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  • Quilting, Cooking and Blogging

    I came across this list as I was cleaning up my desk.  When I traveled the country lecturing and teaching I shared the following thoughts, ideas, concepts or whatever you want to call them with my audiences.  Thought it would be fun to share these ideas with you for the new year.  You might want to incorporate them into your quilting/crafting life:

    1. Don’t be afraid to try something new.
    2. Do your own thing–experiment.
    3. Practice is a four letter word–W-O-R-K!
    4. Carry some handwork with you to work on when you have to do some sitting, in an airport, appointments, picking up children from school, meetings, etc.  It is amazing how much can be accomplished while you are waiting. 

    Craftsy has changed the way they do business.  I still have a “store” there, but only Waggly Tails and A’Mazing Star are available, but none of the appliqué Blocks of the Month.  So I have to put all those on my website and fix pages where they were available through Craftsy.  Hope I will be able to get the new block of the month here next month. 


    Mary H. has shared another of her UFOs.  What a great use of border fabric.  I have avoided it in the past, maybe I need to rethink that. 


    In winters past, I have used our main woodstove in the living room, occasionally for cooking, but usually plan ahead to do so.  I also have a small woodstove in my studio.  Just recently I had one of those aha moments when I put on some water to boil, “Don’t just boil water, make dinner!”  My studio is only 10 steps or so away from the kitchen so that isn’t an issue.

    We were having spaghetti and meat sauce that night.  The sauce was already prepared and in the freezer.  All I had to do is boil water for the spaghetti, put the sauce in a Corningware dish to heat on the stove, and make a salad.  In the meantime, I could work on my granddaughter’s pink quilt, as well as write this blog!  Love it when I can multitask.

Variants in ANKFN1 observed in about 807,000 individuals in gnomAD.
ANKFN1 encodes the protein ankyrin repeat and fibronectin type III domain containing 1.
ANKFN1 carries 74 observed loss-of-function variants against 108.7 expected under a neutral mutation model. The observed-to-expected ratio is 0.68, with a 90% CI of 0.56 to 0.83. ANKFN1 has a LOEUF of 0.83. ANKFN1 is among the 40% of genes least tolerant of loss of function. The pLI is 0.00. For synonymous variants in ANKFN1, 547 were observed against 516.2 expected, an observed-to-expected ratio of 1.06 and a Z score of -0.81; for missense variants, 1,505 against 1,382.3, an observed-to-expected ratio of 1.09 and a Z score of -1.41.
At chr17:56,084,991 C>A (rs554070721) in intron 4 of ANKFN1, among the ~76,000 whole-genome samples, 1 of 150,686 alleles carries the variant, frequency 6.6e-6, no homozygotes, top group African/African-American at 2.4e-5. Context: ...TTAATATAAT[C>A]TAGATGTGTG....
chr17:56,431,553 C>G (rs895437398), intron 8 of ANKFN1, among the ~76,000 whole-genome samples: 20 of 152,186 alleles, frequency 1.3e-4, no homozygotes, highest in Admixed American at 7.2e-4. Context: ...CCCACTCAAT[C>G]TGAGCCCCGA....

A few days later I made a Scrumptious Soup with the ham bone leftover from Thanksgiving.  Took three cups of homemade chicken broth from the freezer and added enough water to cover the bone.  The first time I made it, I was thinking of using canned diced tomatoes, but I didn’t have any.  However, I did have two Roma tomatoes, so I seeded and diced those.  Didn’t bother to peel, figured they were small enough pieces.  Served it with Ritz cracker’s that I also had on hand.  The second time I made it I used canned mini diced tomatoes and a ham hock from the market. 


    Here is another sharing of Waggly Tails.  You are probably tired of seeing quilts with those puppies, but it is a big boost to my mood when I get pictures of items made from my patterns.  Sort of like seeing pictures of your grandchildren.  I know poor analogy!  Thank you, Susan!!  


    The four corners of my granddaughter’s first pink quilt are all cut and patched from 2-1/2″ strip units.  They will be sewed with partial seams to get them all lined up and so they don’t get out of place.  The center blocks will take more time.  Those are also 4″ finished blocks.  As I started putting the Four Patches together after cutting the units, I suddenly realized I had to sew two sets of corners in one direction and the other two in the opposite direction.  Of course, the easiest way is to sew with the seam allowance facing the foot to get a nice seam joining of seams.  Since I wanted the same fabric in all four outer corners, I needed to change direction.  The way the seams are pressed is also important when it comes to sewing the patches together so that the seam allowances are opposing each other and not going in all directions on the back!

    Here is my favorite way of making sure the seam joining comes together when you have to sew with the seam allowance facing away from the foot.

    • First, make sure the seam allowances nestle together.
    • From the front, put a pin through the top seam allowance with the point toward the foot and out to the side in the seam allowance, to prevent the needle from hitting it.  The pin will be under the right side of the foot.
    • Then push the pin out on the opposite side, so it holds the bottom seam allowance in place and doesn’t allow the feed dogs to flip it.  That can be a problem when sewing across seam allowances.  As you approach the seam, start pulling the pin out, but don’t remove it until the needle has penetrated the bottom seam allowance.  Once it does you can pull it out completely. 


     

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2 Responsesso far.

  1. Good words. I pushed myself to try something new. This past year I made a primitive quilt. The pattern wasn’t available, so for maybe a third of the blocks I had to come up with my own pattern – never done that before. Some blocks I just didn’t like. Those I invented from scratch. I learned quite a bit doing the quilt. We have ham for NYD. I’ll be making split pea soup later on in the week. Happy New Year!

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